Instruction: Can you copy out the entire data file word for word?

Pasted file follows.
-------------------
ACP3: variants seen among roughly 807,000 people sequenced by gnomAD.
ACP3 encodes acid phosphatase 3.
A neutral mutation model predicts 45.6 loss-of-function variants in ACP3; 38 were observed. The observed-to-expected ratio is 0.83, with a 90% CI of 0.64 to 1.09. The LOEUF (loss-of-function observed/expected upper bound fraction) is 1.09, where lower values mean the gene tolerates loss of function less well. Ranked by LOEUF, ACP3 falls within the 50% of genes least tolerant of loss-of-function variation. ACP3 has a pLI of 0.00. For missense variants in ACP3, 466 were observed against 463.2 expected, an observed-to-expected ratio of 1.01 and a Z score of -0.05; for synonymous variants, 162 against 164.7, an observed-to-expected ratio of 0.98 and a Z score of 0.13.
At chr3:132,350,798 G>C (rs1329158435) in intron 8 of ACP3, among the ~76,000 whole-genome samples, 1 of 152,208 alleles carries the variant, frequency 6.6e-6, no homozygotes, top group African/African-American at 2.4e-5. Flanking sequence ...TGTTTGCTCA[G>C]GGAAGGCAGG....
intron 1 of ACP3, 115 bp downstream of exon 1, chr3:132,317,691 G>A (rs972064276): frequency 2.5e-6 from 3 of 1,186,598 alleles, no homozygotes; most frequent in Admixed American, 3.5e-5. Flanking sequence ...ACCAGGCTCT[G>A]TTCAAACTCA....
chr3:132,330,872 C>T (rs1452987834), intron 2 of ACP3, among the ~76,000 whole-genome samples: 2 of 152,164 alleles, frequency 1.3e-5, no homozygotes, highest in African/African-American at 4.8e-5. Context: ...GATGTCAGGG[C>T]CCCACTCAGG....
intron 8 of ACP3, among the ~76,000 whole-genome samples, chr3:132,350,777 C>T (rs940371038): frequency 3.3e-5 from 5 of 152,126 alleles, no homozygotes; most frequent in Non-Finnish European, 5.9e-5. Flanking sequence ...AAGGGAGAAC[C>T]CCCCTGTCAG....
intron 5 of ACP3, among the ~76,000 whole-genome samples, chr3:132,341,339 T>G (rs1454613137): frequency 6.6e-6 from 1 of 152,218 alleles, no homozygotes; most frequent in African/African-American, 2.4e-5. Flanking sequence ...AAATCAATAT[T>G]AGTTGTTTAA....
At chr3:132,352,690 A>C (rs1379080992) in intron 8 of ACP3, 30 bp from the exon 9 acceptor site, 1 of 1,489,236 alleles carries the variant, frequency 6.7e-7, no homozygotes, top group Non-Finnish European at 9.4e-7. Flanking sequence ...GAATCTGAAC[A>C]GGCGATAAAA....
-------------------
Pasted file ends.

ACP3: variants seen among roughly 807,000 people sequenced by gnomAD.
ACP3 encodes acid phosphatase 3.
A neutral mutation model predicts 45.6 loss-of-function variants in ACP3; 38 were observed. The observed-to-expected ratio is 0.83, with a 90% CI of 0.64 to 1.09. The LOEUF (loss-of-function observed/expected upper bound fraction) is 1.09, where lower values mean the gene tolerates loss of function less well. Ranked by LOEUF, ACP3 falls within the 50% of genes least tolerant of loss-of-function variation. ACP3 has a pLI of 0.00. For missense variants in ACP3, 466 were observed against 463.2 expected, an observed-to-expected ratio of 1.01 and a Z score of -0.05; for synonymous variants, 162 against 164.7, an observed-to-expected ratio of 0.98 and a Z score of 0.13.
At chr3:132,350,798 G>C (rs1329158435) in intron 8 of ACP3, among the ~76,000 whole-genome samples, 1 of 152,208 alleles carries the variant, frequency 6.6e-6, no homozygotes, top group African/African-American at 2.4e-5. Flanking sequence ...TGTTTGCTCA[G>C]GGAAGGCAGG....
intron 1 of ACP3, 115 bp downstream of exon 1, chr3:132,317,691 G>A (rs972064276): frequency 2.5e-6 from 3 of 1,186,598 alleles, no homozygotes; most frequent in Admixed American, 3.5e-5. Flanking sequence ...ACCAGGCTCT[G>A]TTCAAACTCA....
chr3:132,330,872 C>T (rs1452987834), intron 2 of ACP3, among the ~76,000 whole-genome samples: 2 of 152,164 alleles, frequency 1.3e-5, no homozygotes, highest in African/African-American at 4.8e-5. Context: ...GATGTCAGGG[C>T]CCCACTCAGG....
intron 8 of ACP3, among the ~76,000 whole-genome samples, chr3:132,350,777 C>T (rs940371038): frequency 3.3e-5 from 5 of 152,126 alleles, no homozygotes; most frequent in Non-Finnish European, 5.9e-5. Flanking sequence ...AAGGGAGAAC[C>T]CCCCTGTCAG....
intron 5 of ACP3, among the ~76,000 whole-genome samples, chr3:132,341,339 T>G (rs1454613137): frequency 6.6e-6 from 1 of 152,218 alleles, no homozygotes; most frequent in African/African-American, 2.4e-5. Flanking sequence ...AAATCAATAT[T>G]AGTTGTTTAA....
At chr3:132,352,690 A>C (rs1379080992) in intron 8 of ACP3, 30 bp from the exon 9 acceptor site, 1 of 1,489,236 alleles carries the variant, frequency 6.7e-7, no homozygotes, top group Non-Finnish European at 9.4e-7. Flanking sequence ...GAATCTGAAC[A>C]GGCGATAAAA....